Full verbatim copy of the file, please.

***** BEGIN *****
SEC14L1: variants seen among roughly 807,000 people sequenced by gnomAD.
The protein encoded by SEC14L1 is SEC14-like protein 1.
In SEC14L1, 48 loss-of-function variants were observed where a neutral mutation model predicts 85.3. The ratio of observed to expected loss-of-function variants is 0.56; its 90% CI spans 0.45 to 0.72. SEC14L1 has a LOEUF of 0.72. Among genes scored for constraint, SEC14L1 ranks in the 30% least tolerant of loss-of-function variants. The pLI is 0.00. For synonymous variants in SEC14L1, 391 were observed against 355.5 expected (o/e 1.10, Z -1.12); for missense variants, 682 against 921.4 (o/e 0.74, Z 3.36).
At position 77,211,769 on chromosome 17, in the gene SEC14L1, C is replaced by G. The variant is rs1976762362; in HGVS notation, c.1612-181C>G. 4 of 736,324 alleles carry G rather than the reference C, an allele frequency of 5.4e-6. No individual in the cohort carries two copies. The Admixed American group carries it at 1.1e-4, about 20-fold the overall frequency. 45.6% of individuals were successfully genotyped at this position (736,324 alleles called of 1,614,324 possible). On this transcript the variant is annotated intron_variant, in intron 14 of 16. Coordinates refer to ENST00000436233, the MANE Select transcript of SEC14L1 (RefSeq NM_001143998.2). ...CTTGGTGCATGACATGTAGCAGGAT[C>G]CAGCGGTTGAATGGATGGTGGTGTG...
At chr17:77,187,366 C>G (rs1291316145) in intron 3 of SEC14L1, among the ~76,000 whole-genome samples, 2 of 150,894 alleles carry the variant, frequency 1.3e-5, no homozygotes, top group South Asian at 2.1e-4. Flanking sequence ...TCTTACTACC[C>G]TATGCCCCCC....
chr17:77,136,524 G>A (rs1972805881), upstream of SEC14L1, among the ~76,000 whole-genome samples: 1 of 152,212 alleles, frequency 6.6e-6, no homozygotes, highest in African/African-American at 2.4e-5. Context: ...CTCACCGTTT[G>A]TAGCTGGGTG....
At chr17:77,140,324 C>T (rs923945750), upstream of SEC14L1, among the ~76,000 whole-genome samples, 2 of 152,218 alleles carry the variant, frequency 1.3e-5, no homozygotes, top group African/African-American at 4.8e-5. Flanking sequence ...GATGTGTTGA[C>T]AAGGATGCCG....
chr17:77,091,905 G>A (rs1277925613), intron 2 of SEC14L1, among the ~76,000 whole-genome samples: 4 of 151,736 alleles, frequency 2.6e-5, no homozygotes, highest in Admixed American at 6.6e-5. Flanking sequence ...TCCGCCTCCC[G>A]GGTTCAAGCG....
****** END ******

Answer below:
SEC14L1: variants seen among roughly 807,000 people sequenced by gnomAD.
The protein encoded by SEC14L1 is SEC14-like protein 1.
In SEC14L1, 48 loss-of-function variants were observed where a neutral mutation model predicts 85.3. The ratio of observed to expected loss-of-function variants is 0.56; its 90% CI spans 0.45 to 0.72. SEC14L1 has a LOEUF of 0.72. Among genes scored for constraint, SEC14L1 ranks in the 30% least tolerant of loss-of-function variants. The pLI is 0.00. For synonymous variants in SEC14L1, 391 were observed against 355.5 expected (o/e 1.10, Z -1.12); for missense variants, 682 against 921.4 (o/e 0.74, Z 3.36).
At position 77,211,769 on chromosome 17, in the gene SEC14L1, C is replaced by G. The variant is rs1976762362; in HGVS notation, c.1612-181C>G. 4 of 736,324 alleles carry G rather than the reference C, an allele frequency of 5.4e-6. No individual in the cohort carries two copies. The Admixed American group carries it at 1.1e-4, about 20-fold the overall frequency. 45.6% of individuals were successfully genotyped at this position (736,324 alleles called of 1,614,324 possible). On this transcript the variant is annotated intron_variant, in intron 14 of 16. Coordinates refer to ENST00000436233, the MANE Select transcript of SEC14L1 (RefSeq NM_001143998.2). ...CTTGGTGCATGACATGTAGCAGGAT[C>G]CAGCGGTTGAATGGATGGTGGTGTG...
At chr17:77,187,366 C>G (rs1291316145) in intron 3 of SEC14L1, among the ~76,000 whole-genome samples, 2 of 150,894 alleles carry the variant, frequency 1.3e-5, no homozygotes, top group South Asian at 2.1e-4. Flanking sequence ...TCTTACTACC[C>G]TATGCCCCCC....
chr17:77,136,524 G>A (rs1972805881), upstream of SEC14L1, among the ~76,000 whole-genome samples: 1 of 152,212 alleles, frequency 6.6e-6, no homozygotes, highest in African/African-American at 2.4e-5. Context: ...CTCACCGTTT[G>A]TAGCTGGGTG....
At chr17:77,140,324 C>T (rs923945750), upstream of SEC14L1, among the ~76,000 whole-genome samples, 2 of 152,218 alleles carry the variant, frequency 1.3e-5, no homozygotes, top group African/African-American at 4.8e-5. Flanking sequence ...GATGTGTTGA[C>T]AAGGATGCCG....
chr17:77,091,905 G>A (rs1277925613), intron 2 of SEC14L1, among the ~76,000 whole-genome samples: 4 of 151,736 alleles, frequency 2.6e-5, no homozygotes, highest in Admixed American at 6.6e-5. Flanking sequence ...TCCGCCTCCC[G>A]GGTTCAAGCG....